The winds are bringing change to the methodology of medicine, and a not-so-new idea is coming to the forefront. If you never have heard of holistic health before, it’s a not-so-new philosophy for healing the mind and body. Its an old approach, but despite falling out of favor over the last century, it remains applicable in the field of medicine.
According to the basic premise of holistic health, the most effective way to heal an illness or injury is approaching the body as a whole. A living system is considered intrinsically interconnected and, therefore, all health issues require a whole-body approach to healing, instead of focusing in on the particular issue.
The practice was not always known as holism, which first was used to describe body-mind medicine in the early 1900s. However, many ancient medicinal traditions from as far back as 4,000 years ago used this basic methodology in their approach. The underlying concepts of traditional Chinese medicine, Indian Ayurvedic practice, and ancient Greek herbalism all reference the same ideas of treating the body as more than just a sum of its parts. Socrates himself wrote that “the part can never be well unless the whole is well.”
But What is Holistic Health?
The easiest way to understand holistic medicine is comparing it to non-holistic approaches, also known as modern medicine. Western medicine has become so specialized and reductionist in nature that it often overlooks systemic problems to focus on the issue right down to a cellular level. Specialized medical practices and scientific research are by no means bad. However, holism just believes it could be drastically improved by taking a step back.
Holistic medicine aims to see the forest, not just the trees. By taking a step back from the detailed focus on symptoms so common in modern medicine, holistic practitioners can see the full scope of the problem. The philosophy moves away from a strict physiological focus to incorporate information from environmental, emotional, social, and psychological influences.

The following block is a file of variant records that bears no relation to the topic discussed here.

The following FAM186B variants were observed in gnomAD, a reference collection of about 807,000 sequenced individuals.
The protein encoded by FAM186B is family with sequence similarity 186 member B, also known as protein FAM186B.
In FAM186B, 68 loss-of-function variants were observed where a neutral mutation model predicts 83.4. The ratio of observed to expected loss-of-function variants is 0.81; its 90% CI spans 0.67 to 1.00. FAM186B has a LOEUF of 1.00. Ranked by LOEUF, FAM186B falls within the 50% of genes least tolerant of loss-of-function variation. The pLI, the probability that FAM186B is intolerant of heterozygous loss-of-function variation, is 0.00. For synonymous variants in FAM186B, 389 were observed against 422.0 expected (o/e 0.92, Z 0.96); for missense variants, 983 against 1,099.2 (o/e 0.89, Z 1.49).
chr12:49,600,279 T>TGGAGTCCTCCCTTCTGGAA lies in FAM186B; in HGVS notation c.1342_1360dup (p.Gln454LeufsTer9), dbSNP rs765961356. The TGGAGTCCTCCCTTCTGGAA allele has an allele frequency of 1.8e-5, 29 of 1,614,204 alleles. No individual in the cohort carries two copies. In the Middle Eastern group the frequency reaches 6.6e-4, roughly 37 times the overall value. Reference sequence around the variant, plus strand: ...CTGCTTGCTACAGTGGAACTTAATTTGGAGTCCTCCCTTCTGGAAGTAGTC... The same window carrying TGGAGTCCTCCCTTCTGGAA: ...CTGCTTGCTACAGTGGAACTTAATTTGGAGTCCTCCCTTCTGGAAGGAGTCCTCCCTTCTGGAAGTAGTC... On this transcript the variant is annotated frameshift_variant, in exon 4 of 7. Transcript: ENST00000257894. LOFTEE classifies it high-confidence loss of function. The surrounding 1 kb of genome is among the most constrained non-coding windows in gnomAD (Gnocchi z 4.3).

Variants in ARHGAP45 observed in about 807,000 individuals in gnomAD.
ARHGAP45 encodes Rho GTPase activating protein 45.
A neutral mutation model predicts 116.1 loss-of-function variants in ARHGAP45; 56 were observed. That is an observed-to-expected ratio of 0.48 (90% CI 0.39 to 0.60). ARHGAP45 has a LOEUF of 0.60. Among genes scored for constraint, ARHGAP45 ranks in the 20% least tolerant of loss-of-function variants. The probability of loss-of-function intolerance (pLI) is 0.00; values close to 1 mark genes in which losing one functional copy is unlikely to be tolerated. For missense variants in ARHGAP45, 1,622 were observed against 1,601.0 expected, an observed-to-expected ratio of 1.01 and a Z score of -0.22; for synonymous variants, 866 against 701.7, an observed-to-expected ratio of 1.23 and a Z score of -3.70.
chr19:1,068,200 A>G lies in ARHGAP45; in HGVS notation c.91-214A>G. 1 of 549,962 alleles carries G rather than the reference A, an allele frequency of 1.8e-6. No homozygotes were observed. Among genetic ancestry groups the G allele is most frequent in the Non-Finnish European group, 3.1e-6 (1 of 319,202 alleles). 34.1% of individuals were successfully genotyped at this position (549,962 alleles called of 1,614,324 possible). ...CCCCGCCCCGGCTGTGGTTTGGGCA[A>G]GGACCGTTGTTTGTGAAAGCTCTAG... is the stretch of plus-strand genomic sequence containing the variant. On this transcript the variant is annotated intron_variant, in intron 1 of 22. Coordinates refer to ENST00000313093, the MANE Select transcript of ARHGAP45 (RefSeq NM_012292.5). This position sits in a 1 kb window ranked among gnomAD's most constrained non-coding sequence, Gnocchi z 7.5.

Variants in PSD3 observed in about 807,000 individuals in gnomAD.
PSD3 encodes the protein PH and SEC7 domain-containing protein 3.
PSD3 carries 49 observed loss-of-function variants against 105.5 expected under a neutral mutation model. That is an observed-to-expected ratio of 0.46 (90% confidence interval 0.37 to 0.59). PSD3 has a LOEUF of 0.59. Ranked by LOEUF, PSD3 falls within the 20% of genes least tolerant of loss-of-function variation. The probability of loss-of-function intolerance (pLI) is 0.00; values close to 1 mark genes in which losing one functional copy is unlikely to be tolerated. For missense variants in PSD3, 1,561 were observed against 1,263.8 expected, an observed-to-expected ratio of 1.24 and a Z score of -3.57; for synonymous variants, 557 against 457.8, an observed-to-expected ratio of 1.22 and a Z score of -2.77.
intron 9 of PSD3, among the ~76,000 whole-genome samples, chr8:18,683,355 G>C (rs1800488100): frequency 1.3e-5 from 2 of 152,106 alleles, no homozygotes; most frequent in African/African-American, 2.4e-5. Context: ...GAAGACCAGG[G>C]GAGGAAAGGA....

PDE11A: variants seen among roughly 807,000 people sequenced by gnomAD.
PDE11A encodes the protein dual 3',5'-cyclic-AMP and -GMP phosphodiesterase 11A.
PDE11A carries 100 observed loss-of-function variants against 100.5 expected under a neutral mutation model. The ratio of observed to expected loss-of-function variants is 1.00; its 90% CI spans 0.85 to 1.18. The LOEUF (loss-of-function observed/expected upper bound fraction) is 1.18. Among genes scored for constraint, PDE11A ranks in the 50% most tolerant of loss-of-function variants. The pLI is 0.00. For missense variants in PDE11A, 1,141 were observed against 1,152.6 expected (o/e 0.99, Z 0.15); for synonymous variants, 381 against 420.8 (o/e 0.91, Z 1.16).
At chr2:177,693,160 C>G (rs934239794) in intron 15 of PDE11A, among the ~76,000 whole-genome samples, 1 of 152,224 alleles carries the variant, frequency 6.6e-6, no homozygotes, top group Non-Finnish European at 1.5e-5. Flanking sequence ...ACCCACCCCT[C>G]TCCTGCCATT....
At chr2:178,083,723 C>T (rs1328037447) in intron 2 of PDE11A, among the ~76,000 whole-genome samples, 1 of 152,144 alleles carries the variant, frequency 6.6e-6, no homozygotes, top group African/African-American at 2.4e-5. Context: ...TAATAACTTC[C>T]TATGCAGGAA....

A prime example of how this would work is looking at how stress affects our well-being. Stress has many physiological indicators, such as problems sleeping, weight loss, skin issues, and high blood pressure. Each of these symptoms can be treated individually, but the overarching issue of stress isn’t addressed. By examining the issue as a part of a whole (environmental, emotional, social, and psychological), it’s much more likely a long-term solution will be found.
The Principles of Holistic Healing
For years the holistic approach to medicine often was disregarded by serious medical professionals. Instead of using the principles to improve medical practice, holism was considered only applicable to alternative medicine and assumed to be unproven. Thankfully, these times have passed, and holistic medicine is making its way into common practice. Despite what some may believe, holism and the scientific method can go hand-in-hand. They are not mutually exclusive.